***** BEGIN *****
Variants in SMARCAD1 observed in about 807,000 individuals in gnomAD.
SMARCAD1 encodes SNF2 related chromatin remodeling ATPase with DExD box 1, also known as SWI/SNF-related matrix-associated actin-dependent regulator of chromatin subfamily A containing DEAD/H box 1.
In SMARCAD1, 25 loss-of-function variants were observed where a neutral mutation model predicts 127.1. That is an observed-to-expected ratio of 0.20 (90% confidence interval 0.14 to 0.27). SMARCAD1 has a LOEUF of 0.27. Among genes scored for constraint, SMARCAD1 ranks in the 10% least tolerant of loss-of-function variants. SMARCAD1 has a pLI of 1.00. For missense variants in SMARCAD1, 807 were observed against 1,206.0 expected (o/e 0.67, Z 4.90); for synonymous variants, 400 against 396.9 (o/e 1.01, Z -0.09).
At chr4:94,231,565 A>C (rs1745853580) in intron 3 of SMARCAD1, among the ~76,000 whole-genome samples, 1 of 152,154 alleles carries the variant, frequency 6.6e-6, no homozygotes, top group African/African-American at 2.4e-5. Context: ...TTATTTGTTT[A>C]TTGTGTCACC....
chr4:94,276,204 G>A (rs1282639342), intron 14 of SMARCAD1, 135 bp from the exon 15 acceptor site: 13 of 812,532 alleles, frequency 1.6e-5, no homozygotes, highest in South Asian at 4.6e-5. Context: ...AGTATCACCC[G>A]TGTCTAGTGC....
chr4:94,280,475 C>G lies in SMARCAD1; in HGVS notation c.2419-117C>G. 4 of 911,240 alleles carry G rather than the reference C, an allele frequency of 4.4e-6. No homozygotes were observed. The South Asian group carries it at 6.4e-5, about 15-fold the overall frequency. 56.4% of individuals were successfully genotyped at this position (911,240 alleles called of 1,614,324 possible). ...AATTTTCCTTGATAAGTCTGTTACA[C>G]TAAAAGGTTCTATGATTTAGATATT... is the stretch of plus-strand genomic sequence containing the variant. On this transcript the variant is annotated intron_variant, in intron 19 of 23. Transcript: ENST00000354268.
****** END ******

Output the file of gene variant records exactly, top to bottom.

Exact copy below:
Variants in SMARCAD1 observed in about 807,000 individuals in gnomAD.
SMARCAD1 encodes SNF2 related chromatin remodeling ATPase with DExD box 1, also known as SWI/SNF-related matrix-associated actin-dependent regulator of chromatin subfamily A containing DEAD/H box 1.
In SMARCAD1, 25 loss-of-function variants were observed where a neutral mutation model predicts 127.1. That is an observed-to-expected ratio of 0.20 (90% confidence interval 0.14 to 0.27). SMARCAD1 has a LOEUF of 0.27. Among genes scored for constraint, SMARCAD1 ranks in the 10% least tolerant of loss-of-function variants. SMARCAD1 has a pLI of 1.00. For missense variants in SMARCAD1, 807 were observed against 1,206.0 expected (o/e 0.67, Z 4.90); for synonymous variants, 400 against 396.9 (o/e 1.01, Z -0.09).
At chr4:94,231,565 A>C (rs1745853580) in intron 3 of SMARCAD1, among the ~76,000 whole-genome samples, 1 of 152,154 alleles carries the variant, frequency 6.6e-6, no homozygotes, top group African/African-American at 2.4e-5. Context: ...TTATTTGTTT[A>C]TTGTGTCACC....
chr4:94,276,204 G>A (rs1282639342), intron 14 of SMARCAD1, 135 bp from the exon 15 acceptor site: 13 of 812,532 alleles, frequency 1.6e-5, no homozygotes, highest in South Asian at 4.6e-5. Context: ...AGTATCACCC[G>A]TGTCTAGTGC....
chr4:94,280,475 C>G lies in SMARCAD1; in HGVS notation c.2419-117C>G. 4 of 911,240 alleles carry G rather than the reference C, an allele frequency of 4.4e-6. No homozygotes were observed. The South Asian group carries it at 6.4e-5, about 15-fold the overall frequency. 56.4% of individuals were successfully genotyped at this position (911,240 alleles called of 1,614,324 possible). ...AATTTTCCTTGATAAGTCTGTTACA[C>G]TAAAAGGTTCTATGATTTAGATATT... is the stretch of plus-strand genomic sequence containing the variant. On this transcript the variant is annotated intron_variant, in intron 19 of 23. Transcript: ENST00000354268.